A controversial ostracon may connect the site to the scrolls, but it does not contain the word “Essene.” See Frank Moore Cross and Esther Eshel, “The Missing Link,” BAR 24:02, and Ada Yardeni, “Breaking the Missing Link,” BAR 24:03.


For our Latin readers: “Infra hos Engada oppidum fuit.” Natural History 5.73.


See “Jerusalem As Mosaic,” sidebar to “Illuminating Byzantine Jerusalem,” BAR 24:02.


See Ronny Reich, “They Are Ritual Baths,” BAR 28:02.



Some scholars think the term “Essene” derives from the expression ‘osei ha-torah, “doers of the Torah,” a term that appears numerous times in the scrolls. See Stephen Goranson, “Others and Intra-Jewish Polemic as Reflected in Qumran Texts,” in Peter W. Flint and James C. VanderKam, eds., The Dead Sea Scrolls: A Comprehensive Assessment vol. 2 (Leiden: Brill, 1999), pp. 534–551.


Glen Bowersock of the Institute for Advanced Study in Princeton, New Jersey, has recently argued (in a paper given at Columbia University in October 2001) that the site Pliny is referring to is south of Ein Gedi. In his view, infra can mean either north or south, depending on the maritime reference in the particular context. Here Ein Gedi should be understood to lie north of the Essene site; hence, the Essene site is south of Ein Gedi. In Bowersock’s words, “If Pliny is following the usage that emerges from other parts of his work as well as from Strabo’s Geography, he ought perhaps to be understood as saying that En Gedi lay to the north of the Essenes. Since that site is in fact located south of Qumran, this interpretation would provide support for those who deny the identification of the Essene community with it.” Bowersock concludes there is not the “slightest possibility” that “infra” refers to “geographical elevation.”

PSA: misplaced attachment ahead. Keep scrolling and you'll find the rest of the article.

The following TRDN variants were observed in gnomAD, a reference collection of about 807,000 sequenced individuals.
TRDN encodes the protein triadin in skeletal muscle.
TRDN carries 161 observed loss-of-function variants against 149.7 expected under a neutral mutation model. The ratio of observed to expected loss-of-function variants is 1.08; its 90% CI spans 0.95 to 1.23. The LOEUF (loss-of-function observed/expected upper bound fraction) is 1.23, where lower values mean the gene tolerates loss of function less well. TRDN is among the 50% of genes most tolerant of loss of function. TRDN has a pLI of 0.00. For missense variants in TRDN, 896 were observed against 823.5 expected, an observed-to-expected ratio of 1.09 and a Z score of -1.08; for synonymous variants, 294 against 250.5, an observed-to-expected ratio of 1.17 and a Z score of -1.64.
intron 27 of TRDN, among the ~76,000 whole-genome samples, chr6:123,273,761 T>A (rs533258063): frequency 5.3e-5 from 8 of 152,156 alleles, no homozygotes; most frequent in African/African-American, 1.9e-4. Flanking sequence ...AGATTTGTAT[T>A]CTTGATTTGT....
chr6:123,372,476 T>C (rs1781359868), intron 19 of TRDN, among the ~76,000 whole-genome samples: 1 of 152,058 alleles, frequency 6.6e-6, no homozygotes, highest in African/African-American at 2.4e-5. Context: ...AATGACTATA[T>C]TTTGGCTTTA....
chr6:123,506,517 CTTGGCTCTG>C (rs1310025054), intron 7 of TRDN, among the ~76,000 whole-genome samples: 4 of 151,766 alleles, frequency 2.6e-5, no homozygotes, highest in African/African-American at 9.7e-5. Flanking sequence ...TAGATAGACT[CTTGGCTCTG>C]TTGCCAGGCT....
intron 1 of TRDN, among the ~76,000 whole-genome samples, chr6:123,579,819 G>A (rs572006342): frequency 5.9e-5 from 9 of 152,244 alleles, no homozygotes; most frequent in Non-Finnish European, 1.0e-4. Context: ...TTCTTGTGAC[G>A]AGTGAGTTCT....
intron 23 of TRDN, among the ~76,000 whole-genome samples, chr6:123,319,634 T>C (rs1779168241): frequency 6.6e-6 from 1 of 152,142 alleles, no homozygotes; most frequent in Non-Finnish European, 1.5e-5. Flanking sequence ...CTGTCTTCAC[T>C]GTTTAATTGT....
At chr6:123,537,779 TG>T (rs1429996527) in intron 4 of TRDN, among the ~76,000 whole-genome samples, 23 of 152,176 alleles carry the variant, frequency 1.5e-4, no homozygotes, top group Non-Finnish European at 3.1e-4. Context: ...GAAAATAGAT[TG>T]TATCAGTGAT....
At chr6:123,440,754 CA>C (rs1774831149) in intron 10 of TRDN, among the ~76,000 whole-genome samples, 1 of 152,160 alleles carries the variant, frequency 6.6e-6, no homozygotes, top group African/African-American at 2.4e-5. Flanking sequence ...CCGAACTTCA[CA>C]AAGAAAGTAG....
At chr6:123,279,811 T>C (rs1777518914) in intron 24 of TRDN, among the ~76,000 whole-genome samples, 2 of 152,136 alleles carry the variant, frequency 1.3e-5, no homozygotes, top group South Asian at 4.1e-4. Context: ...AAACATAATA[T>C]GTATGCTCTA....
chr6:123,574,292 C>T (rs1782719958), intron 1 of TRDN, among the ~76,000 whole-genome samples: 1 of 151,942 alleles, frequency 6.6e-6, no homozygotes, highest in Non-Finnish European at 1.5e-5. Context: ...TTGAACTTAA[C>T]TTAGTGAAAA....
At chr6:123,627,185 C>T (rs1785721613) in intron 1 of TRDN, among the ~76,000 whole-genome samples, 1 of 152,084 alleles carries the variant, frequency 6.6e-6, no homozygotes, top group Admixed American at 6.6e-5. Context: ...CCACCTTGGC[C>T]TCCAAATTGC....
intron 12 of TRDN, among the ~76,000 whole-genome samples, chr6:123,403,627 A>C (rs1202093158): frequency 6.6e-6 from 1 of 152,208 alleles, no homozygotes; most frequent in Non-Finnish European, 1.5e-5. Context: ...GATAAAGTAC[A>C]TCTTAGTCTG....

Yizhar Hirschfeld, “Early Roman Manor Houses in Judea and the Site of Khirbet Qumran,” Journal of Near Eastern Studies 57:3 (1998), p.161.


Yizhar Hirschfeld, “A Settlement of Hermits Above ‘Ein Gedi,” Tel Aviv 27 (2000), pp. 103–155. Except where otherwise noted, Hirschfeld’s quotations that follow are from this article.


The description that follows includes only the site as it existed in the Second Temple period (which ended in 70 C.E. with the Roman destruction of Jerusalem) and the period leading up to the Second Jewish Revolt of 132–135 C.E. It ignores the small settlement at Upper Ein Gedi of the Byzantine period.


Josephus, The Life of Josephus 11–12.


Other examples besides Qumran include Khirbet Mazin, Qasr e-Turabi, Ein Gedi (Tel Goren) and ‘En Boqeq.


David Amit and Jodi Magness respond to Hirschfeld in their article, “Not a Settlement of Hermits or Essenes: A Response to Y. Hirschfeld,” Tel Aviv 27 (2000), pp. 273–285.


Jodi Magness, “Qumran Archaeology: Past Perspectives and Future Prospects,” in Peter W. Flint and James C. VanderKam, eds., The Dead Sea Scrolls After Fifty Years (Leiden: Brill, 1998).


Hirschfeld’s rejoinders to his critics come from “The Archaeology of Hermits: A Reply to D. Amit and J. Magness,” Tel Aviv 27 (2000), pp. 286–291.


The final report on the pottery of Qumran is being prepared by Jean-Baptiste Humbert of the école biblique et archéologique Française in Jerusalem. He reports that the volume should be out in the next year.